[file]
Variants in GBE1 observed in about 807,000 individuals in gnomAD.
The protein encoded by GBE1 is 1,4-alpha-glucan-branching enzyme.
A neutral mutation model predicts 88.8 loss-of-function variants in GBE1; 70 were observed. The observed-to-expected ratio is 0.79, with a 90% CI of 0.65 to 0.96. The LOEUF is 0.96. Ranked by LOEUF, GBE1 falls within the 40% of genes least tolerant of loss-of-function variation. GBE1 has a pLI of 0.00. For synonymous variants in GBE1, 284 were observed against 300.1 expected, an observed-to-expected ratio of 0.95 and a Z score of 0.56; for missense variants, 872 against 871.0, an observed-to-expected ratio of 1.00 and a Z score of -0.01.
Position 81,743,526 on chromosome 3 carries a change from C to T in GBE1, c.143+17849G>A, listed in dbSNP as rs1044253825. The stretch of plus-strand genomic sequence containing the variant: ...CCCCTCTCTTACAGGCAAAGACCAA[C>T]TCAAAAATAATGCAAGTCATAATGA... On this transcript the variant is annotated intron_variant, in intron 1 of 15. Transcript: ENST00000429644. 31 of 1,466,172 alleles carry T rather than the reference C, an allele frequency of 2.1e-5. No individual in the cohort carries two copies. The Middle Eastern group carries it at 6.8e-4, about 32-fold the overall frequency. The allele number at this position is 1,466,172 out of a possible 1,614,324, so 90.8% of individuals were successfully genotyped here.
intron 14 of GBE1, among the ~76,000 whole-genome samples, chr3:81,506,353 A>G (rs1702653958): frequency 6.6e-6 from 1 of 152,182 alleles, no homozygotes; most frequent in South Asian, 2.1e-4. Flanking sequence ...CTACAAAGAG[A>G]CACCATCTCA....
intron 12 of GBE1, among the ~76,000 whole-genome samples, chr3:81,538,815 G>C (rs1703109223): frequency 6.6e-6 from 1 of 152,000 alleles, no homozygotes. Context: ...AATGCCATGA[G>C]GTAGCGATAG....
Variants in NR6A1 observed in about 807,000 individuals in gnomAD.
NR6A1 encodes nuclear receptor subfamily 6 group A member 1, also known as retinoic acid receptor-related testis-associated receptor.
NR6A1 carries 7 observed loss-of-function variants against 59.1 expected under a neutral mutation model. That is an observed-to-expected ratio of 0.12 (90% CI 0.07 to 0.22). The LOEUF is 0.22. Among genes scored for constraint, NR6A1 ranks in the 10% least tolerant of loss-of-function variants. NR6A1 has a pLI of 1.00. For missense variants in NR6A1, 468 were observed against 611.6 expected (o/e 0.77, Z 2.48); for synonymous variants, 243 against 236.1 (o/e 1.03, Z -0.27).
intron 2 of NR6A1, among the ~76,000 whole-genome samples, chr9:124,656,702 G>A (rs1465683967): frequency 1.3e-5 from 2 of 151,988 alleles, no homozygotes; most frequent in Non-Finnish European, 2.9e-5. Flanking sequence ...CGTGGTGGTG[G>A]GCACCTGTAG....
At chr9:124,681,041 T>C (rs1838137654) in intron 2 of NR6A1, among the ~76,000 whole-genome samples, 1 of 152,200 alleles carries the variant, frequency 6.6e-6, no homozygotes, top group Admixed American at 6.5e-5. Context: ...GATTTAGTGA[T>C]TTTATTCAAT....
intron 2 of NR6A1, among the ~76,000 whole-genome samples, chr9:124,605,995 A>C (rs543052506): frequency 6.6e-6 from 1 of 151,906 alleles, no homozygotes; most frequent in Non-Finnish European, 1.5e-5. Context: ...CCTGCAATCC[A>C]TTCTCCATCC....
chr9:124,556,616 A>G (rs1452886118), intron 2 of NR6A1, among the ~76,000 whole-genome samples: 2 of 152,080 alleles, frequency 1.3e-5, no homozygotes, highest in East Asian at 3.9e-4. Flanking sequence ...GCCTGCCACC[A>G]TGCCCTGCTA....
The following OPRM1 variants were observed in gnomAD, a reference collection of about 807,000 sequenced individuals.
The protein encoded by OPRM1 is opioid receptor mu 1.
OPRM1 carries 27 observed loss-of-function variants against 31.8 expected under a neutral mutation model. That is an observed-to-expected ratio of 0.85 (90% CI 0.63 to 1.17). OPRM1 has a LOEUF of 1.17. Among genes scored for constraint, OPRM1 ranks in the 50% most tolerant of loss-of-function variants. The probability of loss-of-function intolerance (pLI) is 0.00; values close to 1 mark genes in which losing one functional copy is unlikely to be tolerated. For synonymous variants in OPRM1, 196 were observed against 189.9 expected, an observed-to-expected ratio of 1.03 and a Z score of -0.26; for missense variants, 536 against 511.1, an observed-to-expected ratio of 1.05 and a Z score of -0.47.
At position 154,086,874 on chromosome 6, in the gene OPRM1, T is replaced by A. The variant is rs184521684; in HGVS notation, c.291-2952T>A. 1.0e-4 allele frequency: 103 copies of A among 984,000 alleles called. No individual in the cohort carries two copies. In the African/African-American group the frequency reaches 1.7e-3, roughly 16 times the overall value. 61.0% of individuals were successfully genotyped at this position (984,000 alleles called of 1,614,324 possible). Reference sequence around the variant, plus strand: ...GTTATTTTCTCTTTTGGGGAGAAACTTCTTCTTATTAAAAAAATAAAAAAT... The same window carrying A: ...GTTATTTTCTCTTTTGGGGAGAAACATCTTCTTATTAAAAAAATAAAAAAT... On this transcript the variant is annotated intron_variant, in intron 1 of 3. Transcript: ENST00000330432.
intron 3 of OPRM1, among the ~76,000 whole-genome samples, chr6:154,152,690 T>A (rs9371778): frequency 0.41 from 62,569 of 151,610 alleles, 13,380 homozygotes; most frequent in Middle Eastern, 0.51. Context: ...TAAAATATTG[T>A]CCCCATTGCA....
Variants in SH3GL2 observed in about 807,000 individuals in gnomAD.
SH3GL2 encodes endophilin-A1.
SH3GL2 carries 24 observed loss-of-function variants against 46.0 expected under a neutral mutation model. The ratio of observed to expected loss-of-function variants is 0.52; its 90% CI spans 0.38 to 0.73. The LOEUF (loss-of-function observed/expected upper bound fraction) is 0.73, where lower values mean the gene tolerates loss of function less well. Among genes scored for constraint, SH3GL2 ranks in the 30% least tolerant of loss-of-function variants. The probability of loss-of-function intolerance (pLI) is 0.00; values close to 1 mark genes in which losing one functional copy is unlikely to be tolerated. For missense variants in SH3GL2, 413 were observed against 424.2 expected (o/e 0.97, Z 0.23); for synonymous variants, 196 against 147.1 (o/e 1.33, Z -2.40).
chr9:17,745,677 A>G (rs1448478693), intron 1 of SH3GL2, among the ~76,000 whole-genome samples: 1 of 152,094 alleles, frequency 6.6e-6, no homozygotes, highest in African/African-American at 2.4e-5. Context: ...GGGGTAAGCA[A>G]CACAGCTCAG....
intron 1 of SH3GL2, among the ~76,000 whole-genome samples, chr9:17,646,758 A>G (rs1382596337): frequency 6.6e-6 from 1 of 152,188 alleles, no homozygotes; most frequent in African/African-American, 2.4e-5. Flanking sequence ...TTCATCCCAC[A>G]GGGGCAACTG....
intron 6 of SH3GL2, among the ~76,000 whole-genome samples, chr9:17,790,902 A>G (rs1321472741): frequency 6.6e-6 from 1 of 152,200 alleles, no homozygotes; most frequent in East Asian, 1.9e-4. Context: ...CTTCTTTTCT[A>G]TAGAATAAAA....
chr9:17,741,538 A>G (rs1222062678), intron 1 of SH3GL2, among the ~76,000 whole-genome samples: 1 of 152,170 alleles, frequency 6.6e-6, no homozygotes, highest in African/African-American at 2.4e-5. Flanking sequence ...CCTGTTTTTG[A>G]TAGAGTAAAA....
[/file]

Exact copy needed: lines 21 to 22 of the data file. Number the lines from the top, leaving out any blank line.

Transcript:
SH3GL2 carries 24 observed loss-of-function variants against 46.0 expected under a neutral mutation model. The ratio of observed to expected loss-of-function variants is 0.52; its 90% CI spans 0.38 to 0.73. The LOEUF (loss-of-function observed/expected upper bound fraction) is 0.73, where lower values mean the gene tolerates loss of function less well. Among genes scored for constraint, SH3GL2 ranks in the 30% least tolerant of loss-of-function variants. The probability of loss-of-function intolerance (pLI) is 0.00; values close to 1 mark genes in which losing one functional copy is unlikely to be tolerated. For missense variants in SH3GL2, 413 were observed against 424.2 expected (o/e 0.97, Z 0.23); for synonymous variants, 196 against 147.1 (o/e 1.33, Z -2.40).
chr9:17,745,677 A>G (rs1448478693), intron 1 of SH3GL2, among the ~76,000 whole-genome samples: 1 of 152,094 alleles, frequency 6.6e-6, no homozygotes, highest in African/African-American at 2.4e-5. Context: ...GGGGTAAGCA[A>G]CACAGCTCAG....